SANIBEL, FLA. — Since taking office, President Ernesto Zedillo has repeatedly pledged to create a "nation of law"--to put "an end to impunity" and strictly apply the letter of the law to all citizens, regardless of power or status. The arrest last week of reputed drug trafficker Juan Garcia Abrego is a welcome first step. Yet, it is nowhere near the coup portrayed by the U.S. and Mexican governments. Garcia Abrego and the Gulf Cartel that he allegedly headed were largely spent forces. Unless followed by far more daring ventures against the country's flourishing drug mega-enterprises and their political protectors, his capture will neither materially reduce the flow of drugs into the United States nor bolster the rule of law in Mexico.
Garcia Abrego's fall probably had more to do with the fate of his political protectors than with good police work. It is thought that the onetime Tamaulipas milkman became the dominant force in Mexico's narcotics transshipment business in the early 1990s by cultivating ties with the family and key political associates of former President Carlos Salinas de Gortari. Some reports date Garcia's links to Salinas' older brother, Raul, to the beginning of the Salinas presidency. According to Eduardo Valle Espinosa, former head of the Federal Police task force targeting Garcia Abrego, the accused cartel leader also developed ties to two cabinet officials through a former federal policewoman on his payroll. Such connections would have made Garcia Abrego untouchable.
But with the transition to the Zedillo administration and the arrest of Raul Salinas in the assassination of a prominent political leader, the Salinas connection turned into his Achilles' heel. Stripped of high-level protection, Garcia Abrego became a hunted fugitive, and the Gulf Cartel rapidly lost market share to its competitors.
By the time Zedillo made his move, the arrest was less a blow against organized crime than masterful political theater. With the Mexican government due for another U.S. certification that it is cooperating in the war on drugs, Zedillo offered up Garcia Abrego, who was on the FBI's 10 Most Wanted list. In so doing, the Mexican president repeated a similarly theatrical move by his predecessor. Six years ago, President Salinas ordered the arrest of accused drug trafficker Miguel Angel Felix Gallardo, who was wanted in the murder of U.S. drug-enforcement agent Enrique Camarena. Although the action won accolades from the Bush administration, it also cleared the way for the rise of far more powerful criminal enterprises, including the Gulf Cartel.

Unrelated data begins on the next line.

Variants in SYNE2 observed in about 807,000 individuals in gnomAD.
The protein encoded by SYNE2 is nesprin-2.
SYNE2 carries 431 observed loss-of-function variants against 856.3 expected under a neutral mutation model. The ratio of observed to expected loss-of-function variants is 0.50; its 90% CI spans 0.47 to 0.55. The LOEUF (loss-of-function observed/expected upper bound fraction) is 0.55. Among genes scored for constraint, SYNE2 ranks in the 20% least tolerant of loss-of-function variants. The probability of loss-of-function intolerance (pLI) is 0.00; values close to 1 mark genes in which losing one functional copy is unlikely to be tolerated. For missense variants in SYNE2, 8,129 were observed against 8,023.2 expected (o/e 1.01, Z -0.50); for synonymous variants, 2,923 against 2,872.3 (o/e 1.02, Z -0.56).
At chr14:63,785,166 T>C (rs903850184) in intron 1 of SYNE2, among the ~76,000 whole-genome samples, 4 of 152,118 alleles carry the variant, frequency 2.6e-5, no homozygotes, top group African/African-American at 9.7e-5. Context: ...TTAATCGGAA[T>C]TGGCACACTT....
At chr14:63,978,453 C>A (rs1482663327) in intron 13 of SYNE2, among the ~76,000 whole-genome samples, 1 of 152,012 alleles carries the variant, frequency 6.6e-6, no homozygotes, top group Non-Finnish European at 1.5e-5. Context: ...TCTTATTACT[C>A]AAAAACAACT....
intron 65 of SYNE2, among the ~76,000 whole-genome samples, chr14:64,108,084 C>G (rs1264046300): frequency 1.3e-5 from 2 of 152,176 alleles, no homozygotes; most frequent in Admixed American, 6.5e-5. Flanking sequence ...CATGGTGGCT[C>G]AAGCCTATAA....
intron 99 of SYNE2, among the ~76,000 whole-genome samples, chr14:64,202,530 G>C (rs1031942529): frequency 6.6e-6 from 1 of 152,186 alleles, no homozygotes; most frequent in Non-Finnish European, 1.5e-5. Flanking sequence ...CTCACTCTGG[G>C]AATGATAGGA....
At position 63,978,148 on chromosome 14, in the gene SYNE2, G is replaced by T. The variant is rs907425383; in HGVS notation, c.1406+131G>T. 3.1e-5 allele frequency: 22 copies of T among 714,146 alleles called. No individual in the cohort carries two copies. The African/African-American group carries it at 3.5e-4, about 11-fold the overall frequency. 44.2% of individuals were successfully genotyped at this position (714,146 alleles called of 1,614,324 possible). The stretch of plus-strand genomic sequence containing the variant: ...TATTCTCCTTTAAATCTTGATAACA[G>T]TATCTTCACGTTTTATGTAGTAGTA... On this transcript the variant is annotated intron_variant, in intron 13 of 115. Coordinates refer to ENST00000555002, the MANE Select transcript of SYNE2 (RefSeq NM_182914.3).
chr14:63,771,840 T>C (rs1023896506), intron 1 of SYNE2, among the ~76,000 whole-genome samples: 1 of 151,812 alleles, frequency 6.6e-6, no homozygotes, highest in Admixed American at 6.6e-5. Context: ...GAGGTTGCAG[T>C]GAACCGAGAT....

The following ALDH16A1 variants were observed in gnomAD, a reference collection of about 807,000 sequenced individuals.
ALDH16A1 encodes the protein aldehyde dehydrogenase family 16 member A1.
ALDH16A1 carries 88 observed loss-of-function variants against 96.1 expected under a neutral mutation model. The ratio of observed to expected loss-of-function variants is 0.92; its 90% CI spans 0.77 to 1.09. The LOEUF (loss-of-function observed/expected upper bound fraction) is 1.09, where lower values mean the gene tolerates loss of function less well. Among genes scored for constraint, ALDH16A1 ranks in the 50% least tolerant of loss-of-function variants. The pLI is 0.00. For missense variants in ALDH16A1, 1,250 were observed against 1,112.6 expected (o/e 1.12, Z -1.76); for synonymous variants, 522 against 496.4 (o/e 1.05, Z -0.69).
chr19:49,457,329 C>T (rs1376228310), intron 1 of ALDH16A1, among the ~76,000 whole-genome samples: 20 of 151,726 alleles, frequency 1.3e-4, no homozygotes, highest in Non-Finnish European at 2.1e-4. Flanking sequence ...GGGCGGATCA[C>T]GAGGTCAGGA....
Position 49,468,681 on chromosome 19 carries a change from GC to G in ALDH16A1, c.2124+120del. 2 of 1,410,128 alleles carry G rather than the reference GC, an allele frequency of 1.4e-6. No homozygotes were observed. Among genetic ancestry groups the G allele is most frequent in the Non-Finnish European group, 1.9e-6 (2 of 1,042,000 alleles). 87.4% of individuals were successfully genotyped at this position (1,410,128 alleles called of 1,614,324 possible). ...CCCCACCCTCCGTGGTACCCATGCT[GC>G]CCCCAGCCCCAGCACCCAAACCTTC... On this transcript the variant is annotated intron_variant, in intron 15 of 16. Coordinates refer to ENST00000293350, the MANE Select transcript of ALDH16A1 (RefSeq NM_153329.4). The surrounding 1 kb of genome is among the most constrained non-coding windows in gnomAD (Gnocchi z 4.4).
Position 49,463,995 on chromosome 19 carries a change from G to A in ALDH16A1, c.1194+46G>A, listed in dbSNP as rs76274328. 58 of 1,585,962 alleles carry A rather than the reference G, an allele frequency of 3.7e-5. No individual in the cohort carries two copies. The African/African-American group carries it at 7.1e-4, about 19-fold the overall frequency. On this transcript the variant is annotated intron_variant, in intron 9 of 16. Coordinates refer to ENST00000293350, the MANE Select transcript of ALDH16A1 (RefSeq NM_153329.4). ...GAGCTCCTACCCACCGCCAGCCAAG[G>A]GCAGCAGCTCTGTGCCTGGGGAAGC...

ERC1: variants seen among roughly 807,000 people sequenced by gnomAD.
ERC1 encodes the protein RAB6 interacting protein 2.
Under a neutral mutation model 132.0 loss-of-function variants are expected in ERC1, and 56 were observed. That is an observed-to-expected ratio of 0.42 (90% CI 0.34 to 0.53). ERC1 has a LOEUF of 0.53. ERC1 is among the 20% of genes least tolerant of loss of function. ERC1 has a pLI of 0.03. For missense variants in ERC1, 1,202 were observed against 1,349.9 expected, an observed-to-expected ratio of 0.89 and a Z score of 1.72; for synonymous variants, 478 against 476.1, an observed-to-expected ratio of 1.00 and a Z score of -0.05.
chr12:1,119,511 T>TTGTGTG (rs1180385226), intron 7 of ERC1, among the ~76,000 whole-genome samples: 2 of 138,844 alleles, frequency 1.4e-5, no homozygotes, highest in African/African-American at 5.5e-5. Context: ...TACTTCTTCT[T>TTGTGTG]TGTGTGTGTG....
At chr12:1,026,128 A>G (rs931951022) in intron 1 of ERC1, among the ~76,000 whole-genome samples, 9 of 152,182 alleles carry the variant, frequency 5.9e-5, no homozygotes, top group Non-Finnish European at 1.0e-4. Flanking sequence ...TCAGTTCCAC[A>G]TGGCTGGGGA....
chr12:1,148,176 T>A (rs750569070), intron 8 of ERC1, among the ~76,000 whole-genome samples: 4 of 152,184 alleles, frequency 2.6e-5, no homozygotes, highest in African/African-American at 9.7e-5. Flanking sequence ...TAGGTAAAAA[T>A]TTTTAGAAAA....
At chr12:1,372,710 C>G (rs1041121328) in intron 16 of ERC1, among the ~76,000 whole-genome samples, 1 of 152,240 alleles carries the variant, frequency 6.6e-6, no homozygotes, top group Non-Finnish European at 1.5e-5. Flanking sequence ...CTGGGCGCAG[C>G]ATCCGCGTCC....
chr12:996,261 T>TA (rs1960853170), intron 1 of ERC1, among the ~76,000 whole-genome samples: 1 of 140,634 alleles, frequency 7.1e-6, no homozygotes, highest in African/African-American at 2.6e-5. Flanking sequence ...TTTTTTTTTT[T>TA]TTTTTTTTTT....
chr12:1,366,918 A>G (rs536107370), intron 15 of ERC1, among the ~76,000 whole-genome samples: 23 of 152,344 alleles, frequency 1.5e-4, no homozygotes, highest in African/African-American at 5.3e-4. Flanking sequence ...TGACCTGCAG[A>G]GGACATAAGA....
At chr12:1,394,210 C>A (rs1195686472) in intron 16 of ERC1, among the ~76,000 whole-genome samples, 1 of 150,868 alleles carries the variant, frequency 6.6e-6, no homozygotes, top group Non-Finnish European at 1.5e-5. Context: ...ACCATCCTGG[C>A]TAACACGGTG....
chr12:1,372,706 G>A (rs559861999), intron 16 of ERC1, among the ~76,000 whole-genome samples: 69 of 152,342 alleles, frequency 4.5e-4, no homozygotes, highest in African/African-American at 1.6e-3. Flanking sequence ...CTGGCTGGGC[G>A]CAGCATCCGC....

Similar high praise is now coming from the White House. It's not that the Clinton administration doesn't know better. The Drug Enforcement Agency is well aware that most of the drugs now crossing the border are being handled by the Tijuana and Chihuahua cartels. Yet, President Bill Clinton wants to maintain good relations with Mexico City and create a record of achievement in controlling drug trafficking as he prepares for his reelection campaign.
Unfortunately, the major cause of lawlessness in Mexico continues to be unaddressed: the impunity with which high-ranking members of the government and the ruling Institutional Revolutionary Party can break the law. Under an unwritten rule dating back to formation of the PRI, no present or former president or cabinet officer may be indicted for any crime, no matter how serious. Zedillo skirted that rule with the arrest of Raul Salinas, but he was careful not to break it. To head off any complication, he asked former President Salinas to leave the country. For the same reason, evidence that may implicate prominent members of the Salinas administration in the assassinations of a cardinal, a PRI presidential candidate and the majority leader-elect of the lower house of Congress has seemed to freeze the investigations.
Although Zedillo seeks to avoid further rifts in an already fractured PRI, his reluctance to punish criminality among the well-connected has serious implications for both Mexico and the United States. Just consider what it means for the Tijuana Cartel, which dominates narcotics delivery routes to California. The cartel is allegedly run by the Arellano Felix brothers, two of whom stand accused of leading the hit team that murdered Cardinal Juan Jesus Posadas in Guadalajara. Yet, though repeatedly seen in public in Tijuana since federal warrants were issued for their arrest, no serious effort has been made to apprehend the brothers.